Last week was an important week for the hydrogen fuel cell industry, with Ballard Power Systems (NASDAQ:BLDP), Bloom Energy (NYSE:BE), and Plug Power (NASDAQ:PLUG) reporting earnings. FuelCell Energy (NASDAQ:FCEL) was the odd man out. It reports earnings only next month — but even FuelCell Energy had some news to report today.
On Friday, investors rendered their verdict on the week, and it was generally positive, with every fuel cell stock but Plug closing the day higher — and today looks even better.
Here’s how the fuel cell stocks are faring as of 11:35 a.m. EDT Monday.
- Ballard Power is up 4.9%.
- Bloom Energy is up 5.5%.
- Plug Power is up a remarkable 8.5%.
- FuelCell Energy is doing best of all, up 11%.
After gaining only 2.2% Friday, FuelCell is rocketing this morning on news that it has secured $15 million in financing from East West Bank to fund its production of a 7.4 megawatt fuel cell project for the U.S. Navy Submarine Base in Groton, Connecticut. It believes it can secure debt financing to complete the project later this year. Commercial operation of the project could begin as early as next month, and FuelCell calls this a “milestone” project for the company — one that will secure a 20-year-long revenue stream as FuelCell provides electricity from the project to the Naval base.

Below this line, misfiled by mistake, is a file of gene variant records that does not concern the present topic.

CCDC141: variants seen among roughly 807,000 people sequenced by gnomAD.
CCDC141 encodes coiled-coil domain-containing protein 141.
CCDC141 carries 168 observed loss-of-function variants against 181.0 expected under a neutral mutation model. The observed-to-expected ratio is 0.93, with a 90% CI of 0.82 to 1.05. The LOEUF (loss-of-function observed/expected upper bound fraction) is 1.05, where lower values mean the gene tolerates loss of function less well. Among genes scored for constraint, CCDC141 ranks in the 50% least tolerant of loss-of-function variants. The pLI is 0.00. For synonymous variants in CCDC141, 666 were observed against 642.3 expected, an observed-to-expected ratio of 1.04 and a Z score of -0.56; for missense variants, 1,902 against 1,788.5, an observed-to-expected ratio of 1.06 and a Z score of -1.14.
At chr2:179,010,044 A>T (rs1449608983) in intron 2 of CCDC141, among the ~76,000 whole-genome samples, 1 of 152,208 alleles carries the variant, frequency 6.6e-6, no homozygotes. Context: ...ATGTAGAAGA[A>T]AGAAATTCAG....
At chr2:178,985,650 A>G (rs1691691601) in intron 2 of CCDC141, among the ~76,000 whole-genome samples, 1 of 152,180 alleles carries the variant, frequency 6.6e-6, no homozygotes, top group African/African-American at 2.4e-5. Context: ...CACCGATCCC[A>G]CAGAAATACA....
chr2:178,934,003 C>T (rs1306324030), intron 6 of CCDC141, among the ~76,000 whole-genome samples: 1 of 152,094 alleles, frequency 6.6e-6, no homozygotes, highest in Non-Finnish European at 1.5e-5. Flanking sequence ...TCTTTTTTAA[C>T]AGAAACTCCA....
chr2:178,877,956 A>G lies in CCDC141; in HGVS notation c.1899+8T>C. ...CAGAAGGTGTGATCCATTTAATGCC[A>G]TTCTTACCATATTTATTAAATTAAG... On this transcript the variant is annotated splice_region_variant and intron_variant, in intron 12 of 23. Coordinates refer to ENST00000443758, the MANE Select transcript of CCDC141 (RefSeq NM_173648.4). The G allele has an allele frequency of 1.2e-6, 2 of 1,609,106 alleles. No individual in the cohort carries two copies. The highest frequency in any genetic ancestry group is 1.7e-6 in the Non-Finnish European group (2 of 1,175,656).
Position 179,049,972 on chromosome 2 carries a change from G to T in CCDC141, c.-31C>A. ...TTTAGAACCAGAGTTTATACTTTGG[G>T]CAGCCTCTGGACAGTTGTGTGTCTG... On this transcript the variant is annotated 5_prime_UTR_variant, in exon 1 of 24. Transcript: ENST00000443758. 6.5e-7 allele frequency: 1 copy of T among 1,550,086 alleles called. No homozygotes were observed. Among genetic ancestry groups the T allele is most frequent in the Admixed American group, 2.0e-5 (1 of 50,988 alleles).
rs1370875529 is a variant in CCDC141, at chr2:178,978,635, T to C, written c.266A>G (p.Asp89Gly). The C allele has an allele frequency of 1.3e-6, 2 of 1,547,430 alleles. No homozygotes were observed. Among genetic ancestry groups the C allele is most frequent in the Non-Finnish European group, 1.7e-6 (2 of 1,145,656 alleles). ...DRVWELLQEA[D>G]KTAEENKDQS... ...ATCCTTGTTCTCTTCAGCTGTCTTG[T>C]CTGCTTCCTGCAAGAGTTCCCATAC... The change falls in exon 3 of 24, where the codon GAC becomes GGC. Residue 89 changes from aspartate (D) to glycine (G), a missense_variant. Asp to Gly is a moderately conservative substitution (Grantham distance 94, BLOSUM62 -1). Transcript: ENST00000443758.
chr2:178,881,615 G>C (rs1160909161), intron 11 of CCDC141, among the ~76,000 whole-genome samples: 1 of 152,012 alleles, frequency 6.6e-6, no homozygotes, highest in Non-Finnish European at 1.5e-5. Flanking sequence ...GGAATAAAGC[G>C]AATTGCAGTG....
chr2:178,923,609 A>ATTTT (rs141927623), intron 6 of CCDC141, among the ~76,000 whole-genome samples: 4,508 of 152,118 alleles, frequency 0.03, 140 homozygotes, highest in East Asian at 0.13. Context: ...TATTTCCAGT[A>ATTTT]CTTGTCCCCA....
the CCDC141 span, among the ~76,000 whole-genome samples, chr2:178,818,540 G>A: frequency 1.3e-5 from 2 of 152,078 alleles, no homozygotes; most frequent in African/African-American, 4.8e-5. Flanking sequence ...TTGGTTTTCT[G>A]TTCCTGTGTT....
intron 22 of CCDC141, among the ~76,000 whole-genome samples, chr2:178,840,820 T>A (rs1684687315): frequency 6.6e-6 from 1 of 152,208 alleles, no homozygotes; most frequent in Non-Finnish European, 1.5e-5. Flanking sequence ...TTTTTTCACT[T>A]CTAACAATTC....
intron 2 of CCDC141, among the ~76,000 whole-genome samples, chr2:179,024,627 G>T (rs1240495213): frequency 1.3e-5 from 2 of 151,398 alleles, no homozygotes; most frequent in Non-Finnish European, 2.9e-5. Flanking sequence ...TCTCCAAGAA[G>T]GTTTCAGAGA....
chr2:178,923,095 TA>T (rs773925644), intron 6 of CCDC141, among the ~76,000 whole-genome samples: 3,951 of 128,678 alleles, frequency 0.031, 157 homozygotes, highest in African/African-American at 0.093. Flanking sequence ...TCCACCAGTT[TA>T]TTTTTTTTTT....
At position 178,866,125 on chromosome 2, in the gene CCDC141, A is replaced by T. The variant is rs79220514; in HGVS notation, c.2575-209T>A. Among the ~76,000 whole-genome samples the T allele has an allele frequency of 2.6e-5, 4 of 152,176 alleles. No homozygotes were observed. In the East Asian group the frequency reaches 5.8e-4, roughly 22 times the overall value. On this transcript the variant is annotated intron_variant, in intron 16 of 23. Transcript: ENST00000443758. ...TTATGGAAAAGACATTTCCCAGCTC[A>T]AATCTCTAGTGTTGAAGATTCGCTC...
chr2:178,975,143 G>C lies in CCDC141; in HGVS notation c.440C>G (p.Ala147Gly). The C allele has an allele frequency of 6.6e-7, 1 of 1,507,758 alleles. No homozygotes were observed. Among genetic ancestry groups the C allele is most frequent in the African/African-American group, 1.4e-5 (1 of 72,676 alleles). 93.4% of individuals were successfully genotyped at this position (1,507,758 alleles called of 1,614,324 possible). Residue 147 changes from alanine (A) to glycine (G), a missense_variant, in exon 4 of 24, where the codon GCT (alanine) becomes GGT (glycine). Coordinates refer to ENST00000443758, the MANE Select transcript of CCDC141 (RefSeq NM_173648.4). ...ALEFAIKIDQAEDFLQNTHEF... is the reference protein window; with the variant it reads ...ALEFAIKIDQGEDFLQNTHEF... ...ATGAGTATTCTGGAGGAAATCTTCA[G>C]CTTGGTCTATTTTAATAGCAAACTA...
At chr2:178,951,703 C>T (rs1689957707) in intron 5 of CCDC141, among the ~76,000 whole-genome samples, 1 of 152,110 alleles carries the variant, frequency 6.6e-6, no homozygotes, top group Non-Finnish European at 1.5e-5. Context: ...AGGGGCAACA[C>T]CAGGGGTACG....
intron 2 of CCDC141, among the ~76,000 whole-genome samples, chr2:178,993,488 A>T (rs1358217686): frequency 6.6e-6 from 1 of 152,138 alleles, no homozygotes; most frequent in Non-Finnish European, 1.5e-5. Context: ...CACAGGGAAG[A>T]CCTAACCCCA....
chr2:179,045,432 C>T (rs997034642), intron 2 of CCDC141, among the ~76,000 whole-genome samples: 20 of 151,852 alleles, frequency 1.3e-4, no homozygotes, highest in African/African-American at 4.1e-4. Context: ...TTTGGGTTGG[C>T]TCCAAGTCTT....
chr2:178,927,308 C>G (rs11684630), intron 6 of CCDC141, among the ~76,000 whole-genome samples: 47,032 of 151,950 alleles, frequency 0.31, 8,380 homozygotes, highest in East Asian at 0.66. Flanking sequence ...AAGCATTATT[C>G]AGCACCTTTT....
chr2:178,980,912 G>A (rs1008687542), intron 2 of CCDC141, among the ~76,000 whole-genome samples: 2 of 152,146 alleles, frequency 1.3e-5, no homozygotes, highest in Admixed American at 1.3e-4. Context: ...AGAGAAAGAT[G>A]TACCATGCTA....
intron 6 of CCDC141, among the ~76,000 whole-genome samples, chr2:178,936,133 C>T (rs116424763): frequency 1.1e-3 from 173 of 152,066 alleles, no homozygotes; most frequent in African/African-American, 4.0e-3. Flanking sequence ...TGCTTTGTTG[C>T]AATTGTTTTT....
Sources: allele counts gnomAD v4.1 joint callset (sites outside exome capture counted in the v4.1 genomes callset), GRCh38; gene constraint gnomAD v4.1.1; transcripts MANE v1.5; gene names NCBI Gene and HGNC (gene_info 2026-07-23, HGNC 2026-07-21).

Now let’s quickly review the news for the other three fuel cell firms — the ones that reported earnings last week, and see why they are performing so well, as well.
According to published analyst estimates collated by TheFly.com, all three fuel cell firms (aside from FuelCell) missed earnings last week, with Bloom reporting a $0.23 per share loss on Wednesday, followed by Plug losing $0.18 per share on Thursday, and finally Ballard losing $0.07 per share on Friday.
That doesn’t sound so great, but on the bright side, Ballard and Plug, at least, reported better-than-expected revenue for their respective fiscal second quarters. And Bloom gave new guidance for the balance of fiscal 2021 which — taken at the midpoint — sees revenue coming in at about $975 million, or slightly ahead of expectations.
It’s this revenue growth investors seem to be focusing on today, on the assumption that at some point in the future, this revenue will turn into profits. Based on last week’s abysmal profit performance, however, and based on the industry’s history — specifically, the fact that according to S&P Global Market Intelligence, out of these four companies, only Ballard has ever earned a single full-year profit in the past 20 years — I’m not sure I share investors’ optimism about these stocks.
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